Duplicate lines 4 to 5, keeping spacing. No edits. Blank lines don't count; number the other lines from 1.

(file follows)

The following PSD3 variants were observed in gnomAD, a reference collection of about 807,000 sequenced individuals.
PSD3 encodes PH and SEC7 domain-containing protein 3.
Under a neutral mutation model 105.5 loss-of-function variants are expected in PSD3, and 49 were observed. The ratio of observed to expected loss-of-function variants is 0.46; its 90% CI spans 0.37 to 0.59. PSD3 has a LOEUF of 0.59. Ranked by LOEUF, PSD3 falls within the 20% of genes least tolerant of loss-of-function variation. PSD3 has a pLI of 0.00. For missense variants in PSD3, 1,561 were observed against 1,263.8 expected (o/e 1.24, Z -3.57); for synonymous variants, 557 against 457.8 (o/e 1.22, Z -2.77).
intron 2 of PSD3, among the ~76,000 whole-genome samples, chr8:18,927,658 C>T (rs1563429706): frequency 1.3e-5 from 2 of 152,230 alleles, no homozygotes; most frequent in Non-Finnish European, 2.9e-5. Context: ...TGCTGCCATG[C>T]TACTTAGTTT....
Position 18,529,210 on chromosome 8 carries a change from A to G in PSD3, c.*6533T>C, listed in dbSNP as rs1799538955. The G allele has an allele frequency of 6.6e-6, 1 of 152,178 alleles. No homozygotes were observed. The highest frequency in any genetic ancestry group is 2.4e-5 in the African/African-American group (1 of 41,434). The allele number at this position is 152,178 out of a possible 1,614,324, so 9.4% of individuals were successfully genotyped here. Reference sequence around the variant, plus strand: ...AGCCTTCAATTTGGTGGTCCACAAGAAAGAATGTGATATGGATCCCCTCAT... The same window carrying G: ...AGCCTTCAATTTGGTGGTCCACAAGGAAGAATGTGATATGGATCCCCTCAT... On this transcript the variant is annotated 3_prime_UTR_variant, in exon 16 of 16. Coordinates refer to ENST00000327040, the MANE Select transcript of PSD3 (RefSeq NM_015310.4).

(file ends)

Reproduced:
intron 2 of PSD3, among the ~76,000 whole-genome samples, chr8:18,927,658 C>T (rs1563429706): frequency 1.3e-5 from 2 of 152,230 alleles, no homozygotes; most frequent in Non-Finnish European, 2.9e-5. Context: ...TGCTGCCATG[C>T]TACTTAGTTT....
Position 18,529,210 on chromosome 8 carries a change from A to G in PSD3, c.*6533T>C, listed in dbSNP as rs1799538955. The G allele has an allele frequency of 6.6e-6, 1 of 152,178 alleles. No homozygotes were observed. The highest frequency in any genetic ancestry group is 2.4e-5 in the African/African-American group (1 of 41,434). The allele number at this position is 152,178 out of a possible 1,614,324, so 9.4% of individuals were successfully genotyped here. Reference sequence around the variant, plus strand: ...AGCCTTCAATTTGGTGGTCCACAAGAAAGAATGTGATATGGATCCCCTCAT... The same window carrying G: ...AGCCTTCAATTTGGTGGTCCACAAGGAAGAATGTGATATGGATCCCCTCAT... On this transcript the variant is annotated 3_prime_UTR_variant, in exon 16 of 16. Coordinates refer to ENST00000327040, the MANE Select transcript of PSD3 (RefSeq NM_015310.4).